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Enough methane dissolves in deep, cold water (about 0.4 percent by molar volume) if that water were to rise, the gas would come out of solution and create a mist whose volume is seven times greater than pure water. The resulting eruption would quickly spread and release the whole ocean basin's worth of natural gas in great clouds. These would inevitably ignite. The amounts of gas would be enormous, and the worldwide fires and explosions would be catastrophic. Even the formation of fullerene compounds, now considered a sure sign of asteroid impacts, is plausible. Land organisms would suffer mass extinction.
Researchers, meanwhile, warned Sunday that miles-long underwater plumes of oil from the spill could poison and suffocate sea life across the food chain, with damage that could endure for a decade or more. Researchers have found more underwater plumes of oil than they can count from the blown-out well, said Samantha Joye, a professor of marine sciences at the University of Georgia. She said careful measurements taken of one plume showed it stretching for 10 miles, with a 3-mile width.
The hazardous effects of the plume are twofold. Joye said the oil itself can prove toxic to fish swimming in the sea, while vast amount of oxygen are also being sucked from the water by microbes that eat oil. Dispersants used to fight the oil are also food for the microbes, speeding up the oxygen depletion.
"So, first you have oily water that may be toxic to certain organisms and also the oxygen issue, so there are two problems here," said Joye, who's working with a group of scientists who discovered the underwater plumes in a recent boat expedition to the Gulf. "This can interrupt the food chain at the lowest level, and will trickle up and certainly impact organisms higher. Whales, dolphins and tuna all depend on lower depths to survive."
She said it could take years or even decades for the ecosystem to recover.
Another way to get oil off the surface is to use a chemical dispersing agent. These detergent-based substances cause oil to bead up into tiny droplets that can mix into the water and disperse into deeper layers. Underwater currents can then theoretically dilute the oil and its risk to the environment.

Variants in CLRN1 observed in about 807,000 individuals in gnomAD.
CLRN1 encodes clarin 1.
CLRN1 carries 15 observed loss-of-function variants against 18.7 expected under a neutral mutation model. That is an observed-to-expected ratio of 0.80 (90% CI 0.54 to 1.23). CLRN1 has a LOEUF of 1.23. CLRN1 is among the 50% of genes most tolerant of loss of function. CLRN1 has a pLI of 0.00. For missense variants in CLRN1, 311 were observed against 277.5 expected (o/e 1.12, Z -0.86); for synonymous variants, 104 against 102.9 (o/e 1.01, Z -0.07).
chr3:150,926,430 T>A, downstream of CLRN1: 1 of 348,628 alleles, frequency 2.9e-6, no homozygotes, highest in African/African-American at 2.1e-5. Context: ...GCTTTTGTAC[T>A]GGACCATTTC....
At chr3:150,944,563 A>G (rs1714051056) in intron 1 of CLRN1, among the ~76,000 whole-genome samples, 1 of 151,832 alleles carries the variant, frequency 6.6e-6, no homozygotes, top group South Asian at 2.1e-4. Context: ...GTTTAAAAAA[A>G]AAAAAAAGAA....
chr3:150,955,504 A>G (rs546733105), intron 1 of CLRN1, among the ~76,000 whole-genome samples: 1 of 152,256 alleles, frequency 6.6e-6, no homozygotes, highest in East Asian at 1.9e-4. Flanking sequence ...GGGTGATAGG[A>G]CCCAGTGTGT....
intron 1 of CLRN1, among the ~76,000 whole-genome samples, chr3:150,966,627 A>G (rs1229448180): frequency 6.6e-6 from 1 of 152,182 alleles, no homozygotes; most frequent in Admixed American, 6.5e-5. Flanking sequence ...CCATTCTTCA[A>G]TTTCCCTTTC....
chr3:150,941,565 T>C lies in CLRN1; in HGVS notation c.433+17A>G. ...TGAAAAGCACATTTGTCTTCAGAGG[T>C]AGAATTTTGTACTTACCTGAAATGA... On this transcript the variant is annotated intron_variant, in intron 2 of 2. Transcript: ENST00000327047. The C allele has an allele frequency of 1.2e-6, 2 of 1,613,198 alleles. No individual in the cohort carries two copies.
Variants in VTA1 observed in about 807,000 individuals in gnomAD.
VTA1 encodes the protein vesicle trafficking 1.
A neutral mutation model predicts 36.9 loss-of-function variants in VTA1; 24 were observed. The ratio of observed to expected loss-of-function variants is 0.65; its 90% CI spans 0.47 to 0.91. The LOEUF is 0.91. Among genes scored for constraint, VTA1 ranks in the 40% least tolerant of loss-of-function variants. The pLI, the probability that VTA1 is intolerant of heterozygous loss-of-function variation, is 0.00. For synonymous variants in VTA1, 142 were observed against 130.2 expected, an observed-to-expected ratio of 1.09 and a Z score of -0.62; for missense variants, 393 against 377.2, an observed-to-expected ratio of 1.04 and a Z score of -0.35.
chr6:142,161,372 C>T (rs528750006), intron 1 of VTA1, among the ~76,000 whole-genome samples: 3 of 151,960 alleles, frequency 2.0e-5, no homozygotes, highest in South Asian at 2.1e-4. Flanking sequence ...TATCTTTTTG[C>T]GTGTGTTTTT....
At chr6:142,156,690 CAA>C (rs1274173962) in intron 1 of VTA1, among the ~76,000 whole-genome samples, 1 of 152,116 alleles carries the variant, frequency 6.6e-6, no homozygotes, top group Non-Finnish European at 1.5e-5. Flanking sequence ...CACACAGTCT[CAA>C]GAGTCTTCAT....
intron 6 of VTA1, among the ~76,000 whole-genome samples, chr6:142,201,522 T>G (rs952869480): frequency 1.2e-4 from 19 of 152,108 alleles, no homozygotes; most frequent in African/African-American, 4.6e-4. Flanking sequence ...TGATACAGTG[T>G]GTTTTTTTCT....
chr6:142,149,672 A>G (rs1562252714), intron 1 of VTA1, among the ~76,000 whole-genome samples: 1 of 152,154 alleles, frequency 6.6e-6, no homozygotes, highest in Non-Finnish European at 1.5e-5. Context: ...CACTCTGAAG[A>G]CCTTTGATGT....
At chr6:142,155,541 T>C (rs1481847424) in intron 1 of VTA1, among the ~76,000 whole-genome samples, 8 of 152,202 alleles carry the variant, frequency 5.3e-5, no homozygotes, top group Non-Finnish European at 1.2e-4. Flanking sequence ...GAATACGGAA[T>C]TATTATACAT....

Dispersion spares surface-dwelling animals, such as birds and otters. But as oil drifts downward, it falls on fish and on the eggs that are stuck to surfaces or buried in the sediment.
To find out just how dangerous dispersed oil might be to fish, Hodson and colleagues performed a series of laboratory experiments with beakers that were meant to simulate contaminated lakes. In all of the beakers, the scientists mixed water with diesel oil, then added newly hatched trout embryos. In some beakers, the scientists added a dispersing agent. Their analyses, published in the journal Environmental Toxicology and Chemistry, showed that dispersants greatly increased the amount of hydrocarbons that could affect fish. In turn, that extra dose of exposure made the oil 100 times more toxic to the animals. Toxicity was measured as an elevated enzyme response in the livers of the fish.
Exposure to dispersed oil doesn't kill a lot of fish, Hodson added. Instead, it either kills eggs before they hatch or leads to damage or deformities in juvenile fish. Compared to the horrifying appearance of oil-drenched birds on beaches, it can be hard to catch the attention of the public -- or even of cleanup managers -- with such subtle and hidden health effects.
"What he's saying, and he's correct, is that it could be way more fish fingerlings or eggs that are impacted than you'd ever impact birds," Kinner said. "It kind of adds fuel to the discussion."
A BP statement said the four-inch (10-centimeter) diameter tube inserted into the 21-inch leaking pipe using undersea robots had captured "some amounts of oil and gas."